Every year I write this article giving away some of my unused campaign ideas and every year it gets a little harder to write. Turns out I may not actually have the volume of ideas I once thought I did. I may have just had a massive backlog. Or maybe I’m just slowing down in my old age. Who knows?
Still, as it ties in nicely with the various “fresh start” initiatives like our own New Game Day, I’ll keep pretending that someone out there actually wants my discarded campaign “gems”. Though they may be less gems, more coprolites.
In a far corner of the plane of earth, something, be it a spell, artifact or god, detours planar travelers of all types and drops them into a maze of twisty little passages, all alike. Though those knowledgeable in magic and planar travel have confirmed that the whole of the plane is not a trap, and thus traveling in any direction a sufficient distance should allow one to leave, and though rumors that this is possible and has been done abound, no commonly known path exists.
The hijackings are only half of the weirdness though. Long established caves sometimes shift, new tunnels and construction often “grow back” (which makes mining fairly easy), new paths appear and disappear just as suddenly, and the mad or drunk claim to have seen “Ripples” in the earth as if it were water. More than one theory claims the rock itself is alive and at least one group worships it as an incarnation of a god or a god in it’s own right.
Because of the unstable nature of Liveearth, rituals and artifacts have been developed to keep high population caverns stable (a practice that the most zealous of the earth cultists claim is heresy). These modifications require immense amounts of power and upkeep and create hotly contended stable zones.
The Liveearth campaign is about factions and territory struggles against a backdrop of mystery and the struggle to either return home or forge a new one.
In prepping for a Trail of Cthulhu campaign, I accidentally took my concept well outside of my ability to GM correctly.Â I started with a core concept of “The Moon” and fleshed out a mind map from there ending with major players of Bast, Golgoroth, and Mormo and minor players of Shub-Niggurath, Shudde M’ell, and Nyarlathotep. As my notes developed however, the fact that two of the major powers were “female”, that Mormo and Shub-Niggurath both take aspects of fertility goddesses, that Bast and Golgoroth have aspects of pleasure and sensation respectively, and that Mormo has aspects of various goddesses related to the feminist movement, all leaned to a campaign highly focused on women’s rights and sexuality. Frankly, I’m just not up to that task.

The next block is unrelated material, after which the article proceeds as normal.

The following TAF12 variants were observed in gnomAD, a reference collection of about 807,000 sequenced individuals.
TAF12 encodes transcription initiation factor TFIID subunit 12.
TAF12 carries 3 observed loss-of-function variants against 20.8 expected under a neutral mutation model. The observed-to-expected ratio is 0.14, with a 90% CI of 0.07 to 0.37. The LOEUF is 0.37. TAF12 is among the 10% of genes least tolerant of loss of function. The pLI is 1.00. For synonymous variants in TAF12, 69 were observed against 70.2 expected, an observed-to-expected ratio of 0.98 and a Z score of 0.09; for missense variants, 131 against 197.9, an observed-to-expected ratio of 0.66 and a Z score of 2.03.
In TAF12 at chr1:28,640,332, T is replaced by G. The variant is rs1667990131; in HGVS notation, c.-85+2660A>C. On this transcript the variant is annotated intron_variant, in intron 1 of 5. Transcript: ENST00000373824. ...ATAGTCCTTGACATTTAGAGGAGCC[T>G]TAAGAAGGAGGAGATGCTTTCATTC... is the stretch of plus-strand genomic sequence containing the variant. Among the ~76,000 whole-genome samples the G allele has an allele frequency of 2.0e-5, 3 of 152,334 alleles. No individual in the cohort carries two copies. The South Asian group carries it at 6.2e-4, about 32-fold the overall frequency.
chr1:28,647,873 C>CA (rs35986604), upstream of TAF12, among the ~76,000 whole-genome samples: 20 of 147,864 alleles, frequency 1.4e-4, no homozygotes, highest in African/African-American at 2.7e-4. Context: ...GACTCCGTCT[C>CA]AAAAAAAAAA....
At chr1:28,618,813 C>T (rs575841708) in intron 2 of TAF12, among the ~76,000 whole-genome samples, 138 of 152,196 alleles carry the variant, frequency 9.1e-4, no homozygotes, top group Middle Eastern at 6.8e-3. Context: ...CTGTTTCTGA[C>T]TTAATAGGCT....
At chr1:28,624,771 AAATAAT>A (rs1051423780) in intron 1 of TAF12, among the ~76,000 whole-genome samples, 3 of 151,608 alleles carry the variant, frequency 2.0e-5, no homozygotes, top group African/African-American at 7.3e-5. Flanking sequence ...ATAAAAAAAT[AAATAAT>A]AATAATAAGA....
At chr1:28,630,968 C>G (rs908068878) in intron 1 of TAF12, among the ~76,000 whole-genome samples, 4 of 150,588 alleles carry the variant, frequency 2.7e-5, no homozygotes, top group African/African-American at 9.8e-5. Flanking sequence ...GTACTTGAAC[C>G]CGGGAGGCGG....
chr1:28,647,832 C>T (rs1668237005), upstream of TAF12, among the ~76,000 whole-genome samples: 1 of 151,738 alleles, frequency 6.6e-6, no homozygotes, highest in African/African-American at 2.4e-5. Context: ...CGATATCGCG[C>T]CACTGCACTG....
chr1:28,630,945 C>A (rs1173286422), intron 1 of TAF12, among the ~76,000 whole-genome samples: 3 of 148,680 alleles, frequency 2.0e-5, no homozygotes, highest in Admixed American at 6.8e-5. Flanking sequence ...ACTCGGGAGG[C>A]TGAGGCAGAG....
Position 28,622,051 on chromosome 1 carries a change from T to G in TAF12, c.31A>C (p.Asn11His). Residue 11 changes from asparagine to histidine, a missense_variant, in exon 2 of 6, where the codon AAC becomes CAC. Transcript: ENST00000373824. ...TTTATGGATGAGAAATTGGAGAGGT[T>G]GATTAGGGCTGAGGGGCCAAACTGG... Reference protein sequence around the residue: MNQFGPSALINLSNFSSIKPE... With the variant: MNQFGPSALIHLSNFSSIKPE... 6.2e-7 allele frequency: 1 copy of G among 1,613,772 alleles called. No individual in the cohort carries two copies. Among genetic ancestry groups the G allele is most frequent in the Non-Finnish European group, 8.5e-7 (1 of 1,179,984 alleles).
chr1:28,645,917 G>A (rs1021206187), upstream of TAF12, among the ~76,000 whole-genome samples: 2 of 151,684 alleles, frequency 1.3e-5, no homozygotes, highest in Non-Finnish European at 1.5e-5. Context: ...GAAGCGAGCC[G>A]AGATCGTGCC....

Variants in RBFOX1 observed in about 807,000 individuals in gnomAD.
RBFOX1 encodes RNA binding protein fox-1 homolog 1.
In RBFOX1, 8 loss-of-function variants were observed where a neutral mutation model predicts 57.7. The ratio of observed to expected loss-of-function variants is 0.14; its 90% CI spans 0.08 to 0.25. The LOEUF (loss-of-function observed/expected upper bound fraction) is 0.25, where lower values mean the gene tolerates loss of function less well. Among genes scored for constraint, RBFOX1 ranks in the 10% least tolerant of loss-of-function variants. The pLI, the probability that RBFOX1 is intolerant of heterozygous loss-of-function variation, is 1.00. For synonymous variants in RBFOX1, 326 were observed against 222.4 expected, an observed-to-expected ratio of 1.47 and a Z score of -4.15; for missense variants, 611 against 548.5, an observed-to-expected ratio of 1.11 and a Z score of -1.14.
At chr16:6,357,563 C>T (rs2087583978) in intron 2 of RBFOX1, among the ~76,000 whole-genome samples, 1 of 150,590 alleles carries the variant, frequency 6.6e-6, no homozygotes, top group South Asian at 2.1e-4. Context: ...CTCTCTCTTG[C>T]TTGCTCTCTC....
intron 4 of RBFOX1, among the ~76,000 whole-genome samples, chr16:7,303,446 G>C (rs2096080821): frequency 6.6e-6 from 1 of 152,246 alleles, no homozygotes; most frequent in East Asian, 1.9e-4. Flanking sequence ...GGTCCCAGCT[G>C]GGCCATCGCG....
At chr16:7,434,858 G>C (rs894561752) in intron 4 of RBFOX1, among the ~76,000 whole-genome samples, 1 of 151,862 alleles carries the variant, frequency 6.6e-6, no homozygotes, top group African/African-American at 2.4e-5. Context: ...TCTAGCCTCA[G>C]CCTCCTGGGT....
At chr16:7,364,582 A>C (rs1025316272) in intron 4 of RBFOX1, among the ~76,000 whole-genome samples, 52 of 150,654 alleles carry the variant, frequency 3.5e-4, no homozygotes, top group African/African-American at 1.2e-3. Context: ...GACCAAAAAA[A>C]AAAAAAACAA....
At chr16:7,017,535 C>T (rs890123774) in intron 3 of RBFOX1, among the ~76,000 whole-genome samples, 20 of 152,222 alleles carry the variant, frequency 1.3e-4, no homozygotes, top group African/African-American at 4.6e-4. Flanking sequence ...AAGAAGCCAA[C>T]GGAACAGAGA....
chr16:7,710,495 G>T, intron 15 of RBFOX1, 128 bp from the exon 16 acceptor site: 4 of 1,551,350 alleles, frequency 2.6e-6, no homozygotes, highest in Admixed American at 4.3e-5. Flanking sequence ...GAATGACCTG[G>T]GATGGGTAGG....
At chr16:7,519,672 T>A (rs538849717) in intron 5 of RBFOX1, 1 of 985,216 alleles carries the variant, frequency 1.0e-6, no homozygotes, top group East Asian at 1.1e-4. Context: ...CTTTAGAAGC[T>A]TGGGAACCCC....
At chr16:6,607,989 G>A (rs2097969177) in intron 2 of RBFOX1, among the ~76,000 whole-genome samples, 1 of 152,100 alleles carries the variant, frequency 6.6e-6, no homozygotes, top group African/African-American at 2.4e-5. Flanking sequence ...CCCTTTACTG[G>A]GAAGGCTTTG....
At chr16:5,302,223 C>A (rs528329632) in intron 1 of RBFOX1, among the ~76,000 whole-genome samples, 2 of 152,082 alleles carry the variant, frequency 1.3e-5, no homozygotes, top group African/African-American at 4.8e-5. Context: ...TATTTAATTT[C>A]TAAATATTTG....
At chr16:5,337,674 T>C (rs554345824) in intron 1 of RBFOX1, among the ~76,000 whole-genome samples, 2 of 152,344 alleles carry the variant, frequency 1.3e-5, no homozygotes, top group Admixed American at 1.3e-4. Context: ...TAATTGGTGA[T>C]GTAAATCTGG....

Think of a standard monster hunters/ghost chasers campaign set in an isolated bucolic town, maybe in rural japan with demons and ghosts in every shadowy corner, or perhaps in new England with outre spawn lurking under every standing stone. Either way it’s a typical “monster of the week” campaign except for a few things: the heroes are local children, sprites, ghosts or the like and the “monster of the week” can usually be placated with candy, playtime, love and understanding, an extended “Scooby-Do doors” scene, or at the very worst a ritual of sealing or similar. Never however, is the solution combat. Characters do not get killed, eaten, or driven mad (at least not for more than comic relief). Instead the campaign is aimed at light hearted humor and good feelings. Perhaps a fun way to include your kids in a game while enjoying an completely defanged dark setting.